Should You Invest in Property Later in Life?

Property is regarded as being a secure investment. Most people make their first property investment – buying their home with a mortgage – in their twenties or thirties. Is it possible to continue property investing when you get into your fifties, or seventies even?

You might not even have owned a property before, and by luck or hard work, you’ve now got the cash to look at property investments.

Whatever the reason you’re looking at property investment later in life, we’re going to show you some of your options. You’ve got a variety of investment choices, and here we’ll cover:

  • Different types of direct property investment.
  • How you can invest in property without owning a house.
  • The potential positives and pitfalls of each.

Is Property Still a Good Investment in 2020?

Property is known to be a good store of value. However, as situations like the 2008 financial crash show, house values can go down as well as up.

As you get older, your pool of financing resources can start to shrink. Mortgage companies aren’t always keen on lending to people reaching pensionable age. There are other ways you can get money to invest in property without borrowing, though.

Some examples would be:

  • Inheritance.
  • Redundancy pay.
  • Joint ownership with family.
  • Sale of a business.
  • Cashing in a pension pot.

When Should You Start to Invest in Real Estate?

If you were lucky enough to get on the property ladder in your younger days, you’ve likely already got a nice chunk of money stored in your house value. Even if you weren’t financially ready to buy a house back then, you don’t have to be put off from property investment when you’re older.

The important thing with property investment, like any financial commitment, is to start when you’re financially capable. Once you think you’re ready to take the plunge, it’s time to think about what type of investment you should make.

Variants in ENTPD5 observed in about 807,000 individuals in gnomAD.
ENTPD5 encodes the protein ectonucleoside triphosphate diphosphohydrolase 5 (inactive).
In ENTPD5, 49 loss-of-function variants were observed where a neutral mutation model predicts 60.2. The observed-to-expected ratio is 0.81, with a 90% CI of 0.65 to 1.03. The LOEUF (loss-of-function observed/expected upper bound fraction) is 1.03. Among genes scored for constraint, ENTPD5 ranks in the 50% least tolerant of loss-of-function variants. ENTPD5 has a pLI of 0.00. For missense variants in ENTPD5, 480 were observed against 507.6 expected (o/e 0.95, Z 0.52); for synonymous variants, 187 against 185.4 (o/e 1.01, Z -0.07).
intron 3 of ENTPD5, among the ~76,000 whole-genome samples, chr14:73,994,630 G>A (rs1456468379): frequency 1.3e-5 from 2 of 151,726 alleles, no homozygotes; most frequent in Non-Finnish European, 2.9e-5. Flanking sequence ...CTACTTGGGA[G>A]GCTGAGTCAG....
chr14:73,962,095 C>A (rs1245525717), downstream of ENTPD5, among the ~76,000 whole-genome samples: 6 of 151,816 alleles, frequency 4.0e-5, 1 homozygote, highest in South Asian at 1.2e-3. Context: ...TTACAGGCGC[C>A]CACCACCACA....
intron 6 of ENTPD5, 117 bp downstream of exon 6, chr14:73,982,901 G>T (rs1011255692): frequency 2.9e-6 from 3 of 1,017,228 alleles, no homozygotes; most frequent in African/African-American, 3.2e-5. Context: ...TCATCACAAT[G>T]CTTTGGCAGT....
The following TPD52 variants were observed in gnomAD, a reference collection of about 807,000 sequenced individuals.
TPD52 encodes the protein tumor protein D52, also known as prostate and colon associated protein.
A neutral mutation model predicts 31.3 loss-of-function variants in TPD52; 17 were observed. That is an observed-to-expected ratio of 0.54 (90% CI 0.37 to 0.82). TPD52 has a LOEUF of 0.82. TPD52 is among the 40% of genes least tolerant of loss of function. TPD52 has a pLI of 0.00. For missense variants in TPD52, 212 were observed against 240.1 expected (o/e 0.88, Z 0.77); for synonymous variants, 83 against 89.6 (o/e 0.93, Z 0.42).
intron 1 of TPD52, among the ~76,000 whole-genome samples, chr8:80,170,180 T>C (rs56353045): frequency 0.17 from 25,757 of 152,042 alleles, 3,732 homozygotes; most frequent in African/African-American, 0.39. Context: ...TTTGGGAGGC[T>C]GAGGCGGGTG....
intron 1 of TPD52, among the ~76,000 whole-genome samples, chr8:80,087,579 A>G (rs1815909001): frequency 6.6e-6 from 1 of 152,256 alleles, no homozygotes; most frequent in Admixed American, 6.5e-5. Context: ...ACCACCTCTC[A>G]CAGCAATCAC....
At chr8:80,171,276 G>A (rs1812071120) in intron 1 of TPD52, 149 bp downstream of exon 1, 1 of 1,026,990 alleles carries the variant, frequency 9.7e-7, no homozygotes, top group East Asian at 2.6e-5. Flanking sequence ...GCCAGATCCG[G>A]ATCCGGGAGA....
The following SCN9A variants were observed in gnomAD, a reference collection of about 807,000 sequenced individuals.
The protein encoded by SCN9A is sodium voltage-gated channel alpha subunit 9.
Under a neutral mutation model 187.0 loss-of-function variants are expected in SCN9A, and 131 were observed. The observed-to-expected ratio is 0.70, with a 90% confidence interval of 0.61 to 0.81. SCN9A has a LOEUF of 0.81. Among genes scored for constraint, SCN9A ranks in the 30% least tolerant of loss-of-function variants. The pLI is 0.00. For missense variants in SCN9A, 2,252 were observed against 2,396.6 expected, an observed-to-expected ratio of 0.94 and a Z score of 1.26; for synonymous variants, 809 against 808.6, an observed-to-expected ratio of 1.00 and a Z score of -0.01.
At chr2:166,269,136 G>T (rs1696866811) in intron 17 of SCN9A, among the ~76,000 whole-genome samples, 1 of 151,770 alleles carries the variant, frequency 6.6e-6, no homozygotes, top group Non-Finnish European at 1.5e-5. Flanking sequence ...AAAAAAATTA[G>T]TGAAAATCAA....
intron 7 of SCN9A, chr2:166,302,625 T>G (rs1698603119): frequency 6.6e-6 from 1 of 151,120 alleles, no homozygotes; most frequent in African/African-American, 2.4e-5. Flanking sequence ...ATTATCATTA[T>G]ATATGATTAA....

Buy-to-Let Investments

Buying a house to rent it out is a common way to invest in the property market. It gives you an immediate return on your investment, so it can be useful when you want to generate a pension income quickly.

Pros

  • Generates a regular income.
  • An easy to understand property investment.

Cons

  • Dealing with problems can be costly and stressful.
  • Can’t guarantee tenants all the time.

Property Development

Getting older can mean you have more time on your hands. Investing in a property that needs some work can be an excellent way to keep busy as you wind down your career towards retirement. Doing up a property to sell on can boost your financial nest egg quickly.

Pros

  • You can quickly get your investment back and realise a profit.
  • Learning house renovation skills can keep you mentally and physically fit.

Cons

  • There’s a lot of research to be done about costs and ceiling prices in your area.
  • You can’t guarantee you’ll make a profit.

Buying for Family

We all want to help out our family when we can. When getting a mortgage can prove challenging for young people, you can use your cash to buy a house and let your family live there. It’s a positive way to help out your children, for example, and you should still get a return on your investment as and when you choose to sell up.

Pros

  • You can trust your kids to look after the house well.
  • You’re able to help loved ones without losing control of your cash.

Cons

  • You need to seek advice from a solicitor so you know your legal position.